Aging / Maturation

It is during the maturation stage that whisky acquires all its aroma and texture. The older it gets, the more fruity and floral notes it develops.
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After distillation, whisky is not yet drinkable, and is not even called whisky at this stage of the process. It is too high in alcohol, and must be aged for at least 3 years in casks before it can be called whisky.

The origin of casks

Barrels were discovered by accident, as at the time they were only used to transport whisky, which was consumed as is, without ageing. But it was a forgotten cask that led to the discovery of a spirit rich in aromas. Aging, particularly in oak casks, gives whisky much greater depth.

Oak casks

Oak casks are flexible and very robust over time, making them the best choice for maturing whisky without altering its character. There are several types of oak cask: American, which gives a spicier taste, European, which is woodier, and Japanese mizunara, which is finer on the palate.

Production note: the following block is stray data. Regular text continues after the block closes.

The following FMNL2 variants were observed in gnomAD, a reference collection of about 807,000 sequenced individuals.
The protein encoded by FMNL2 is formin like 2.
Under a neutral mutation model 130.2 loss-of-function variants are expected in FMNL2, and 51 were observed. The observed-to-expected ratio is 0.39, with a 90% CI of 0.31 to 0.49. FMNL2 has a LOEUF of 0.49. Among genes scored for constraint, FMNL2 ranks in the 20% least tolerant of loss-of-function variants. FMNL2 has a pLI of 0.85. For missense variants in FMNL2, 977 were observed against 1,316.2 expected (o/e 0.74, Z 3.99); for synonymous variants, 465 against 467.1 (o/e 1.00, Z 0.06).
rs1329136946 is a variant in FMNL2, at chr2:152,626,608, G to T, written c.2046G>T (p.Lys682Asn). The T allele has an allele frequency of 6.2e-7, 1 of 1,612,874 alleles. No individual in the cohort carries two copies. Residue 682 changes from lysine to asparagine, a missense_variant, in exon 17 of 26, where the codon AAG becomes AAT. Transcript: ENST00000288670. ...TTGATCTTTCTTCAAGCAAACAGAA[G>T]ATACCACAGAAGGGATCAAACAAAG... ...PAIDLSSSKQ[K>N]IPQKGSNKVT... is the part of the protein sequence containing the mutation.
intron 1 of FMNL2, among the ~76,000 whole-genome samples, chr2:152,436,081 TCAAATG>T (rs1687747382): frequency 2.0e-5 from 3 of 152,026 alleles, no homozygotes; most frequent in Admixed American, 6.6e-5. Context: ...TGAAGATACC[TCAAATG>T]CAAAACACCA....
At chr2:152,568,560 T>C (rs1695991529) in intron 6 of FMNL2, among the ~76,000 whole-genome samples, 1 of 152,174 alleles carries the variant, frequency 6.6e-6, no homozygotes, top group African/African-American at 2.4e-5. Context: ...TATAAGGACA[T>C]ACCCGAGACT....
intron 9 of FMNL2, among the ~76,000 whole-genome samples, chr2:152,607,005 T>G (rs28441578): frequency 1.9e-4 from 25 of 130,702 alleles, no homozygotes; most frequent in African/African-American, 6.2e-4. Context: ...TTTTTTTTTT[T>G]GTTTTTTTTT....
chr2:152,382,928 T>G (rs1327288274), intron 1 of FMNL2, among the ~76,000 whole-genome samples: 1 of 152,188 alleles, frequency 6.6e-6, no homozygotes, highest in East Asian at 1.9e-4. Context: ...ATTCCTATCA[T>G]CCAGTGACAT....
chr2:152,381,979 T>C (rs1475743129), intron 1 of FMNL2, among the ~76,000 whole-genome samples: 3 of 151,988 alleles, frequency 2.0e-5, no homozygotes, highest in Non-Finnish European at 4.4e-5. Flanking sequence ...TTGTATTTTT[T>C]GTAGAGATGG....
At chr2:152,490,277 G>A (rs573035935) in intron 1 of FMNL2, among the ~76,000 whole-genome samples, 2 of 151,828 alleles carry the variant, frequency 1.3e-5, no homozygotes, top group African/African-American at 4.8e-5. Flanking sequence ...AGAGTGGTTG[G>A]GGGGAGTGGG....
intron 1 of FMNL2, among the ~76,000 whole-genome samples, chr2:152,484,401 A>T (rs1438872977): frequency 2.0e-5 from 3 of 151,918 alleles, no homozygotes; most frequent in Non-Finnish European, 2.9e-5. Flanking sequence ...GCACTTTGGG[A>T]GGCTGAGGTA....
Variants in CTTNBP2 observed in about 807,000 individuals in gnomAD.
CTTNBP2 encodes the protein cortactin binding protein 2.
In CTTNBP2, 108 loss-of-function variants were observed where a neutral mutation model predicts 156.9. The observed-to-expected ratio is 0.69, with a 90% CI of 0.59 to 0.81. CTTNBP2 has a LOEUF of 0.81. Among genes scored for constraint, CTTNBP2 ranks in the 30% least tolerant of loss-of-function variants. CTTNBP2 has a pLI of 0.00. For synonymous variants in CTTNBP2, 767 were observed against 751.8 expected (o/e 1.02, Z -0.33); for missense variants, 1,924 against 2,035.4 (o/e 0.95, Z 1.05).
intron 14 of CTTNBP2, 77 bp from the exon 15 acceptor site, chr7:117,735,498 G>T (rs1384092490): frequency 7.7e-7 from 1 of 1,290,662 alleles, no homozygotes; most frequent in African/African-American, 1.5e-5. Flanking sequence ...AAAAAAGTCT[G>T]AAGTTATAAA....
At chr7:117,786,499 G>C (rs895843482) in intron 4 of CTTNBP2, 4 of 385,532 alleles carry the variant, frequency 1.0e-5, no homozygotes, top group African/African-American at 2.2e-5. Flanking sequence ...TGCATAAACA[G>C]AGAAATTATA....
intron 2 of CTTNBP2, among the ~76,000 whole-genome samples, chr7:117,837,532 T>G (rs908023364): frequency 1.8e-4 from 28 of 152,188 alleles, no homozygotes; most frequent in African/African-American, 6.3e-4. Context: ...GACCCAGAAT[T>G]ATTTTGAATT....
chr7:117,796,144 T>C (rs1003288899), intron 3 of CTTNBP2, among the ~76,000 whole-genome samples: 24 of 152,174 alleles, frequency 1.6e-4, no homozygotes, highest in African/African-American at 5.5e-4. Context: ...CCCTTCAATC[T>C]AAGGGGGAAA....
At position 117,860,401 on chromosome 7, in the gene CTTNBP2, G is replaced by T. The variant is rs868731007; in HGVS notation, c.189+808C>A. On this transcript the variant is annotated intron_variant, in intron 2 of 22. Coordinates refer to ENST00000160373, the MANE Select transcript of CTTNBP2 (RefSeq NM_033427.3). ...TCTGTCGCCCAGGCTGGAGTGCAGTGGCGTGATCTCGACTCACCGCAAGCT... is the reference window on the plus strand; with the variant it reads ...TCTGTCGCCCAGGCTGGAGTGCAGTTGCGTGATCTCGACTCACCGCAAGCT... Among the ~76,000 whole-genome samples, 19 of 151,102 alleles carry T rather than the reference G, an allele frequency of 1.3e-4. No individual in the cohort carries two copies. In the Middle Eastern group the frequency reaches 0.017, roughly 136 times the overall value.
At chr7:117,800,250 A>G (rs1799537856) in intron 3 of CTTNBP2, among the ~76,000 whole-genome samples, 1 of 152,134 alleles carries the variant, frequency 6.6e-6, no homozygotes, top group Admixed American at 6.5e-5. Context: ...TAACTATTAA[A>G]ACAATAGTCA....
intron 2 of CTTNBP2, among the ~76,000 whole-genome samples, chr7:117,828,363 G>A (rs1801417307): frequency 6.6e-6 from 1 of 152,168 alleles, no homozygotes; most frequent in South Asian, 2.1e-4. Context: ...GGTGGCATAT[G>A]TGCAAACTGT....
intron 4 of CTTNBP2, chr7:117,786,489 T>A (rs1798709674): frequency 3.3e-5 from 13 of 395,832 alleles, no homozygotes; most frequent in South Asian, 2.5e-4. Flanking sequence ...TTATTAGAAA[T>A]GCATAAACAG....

The more porous the cask, the better the flavor transmission. What's more, it's generally old casks that have already contained another liquid that are used, as a new cask would alter the taste of the whisky too much. Today, most casks used are either ex-bourbon or ex-sherry.

Burnt Cask

The recovered casks are then burnt inside with an intense flame to increase the porosity of the wood and enhance the flavors. The carbon created by this burning acts as a filter and adds flavor. Barrels can be filled several times, often up to 4 or 5 times. The first fill is called the “first fill” and the second fill the “second fill”. Generally speaking, casks only add notes to whisky during the first two fills. To bring a cask back to life, a cooper scrapes off the burnt wood, then re-burns the cask so that it can be used again. This operation can be repeated up to three times per barrel.

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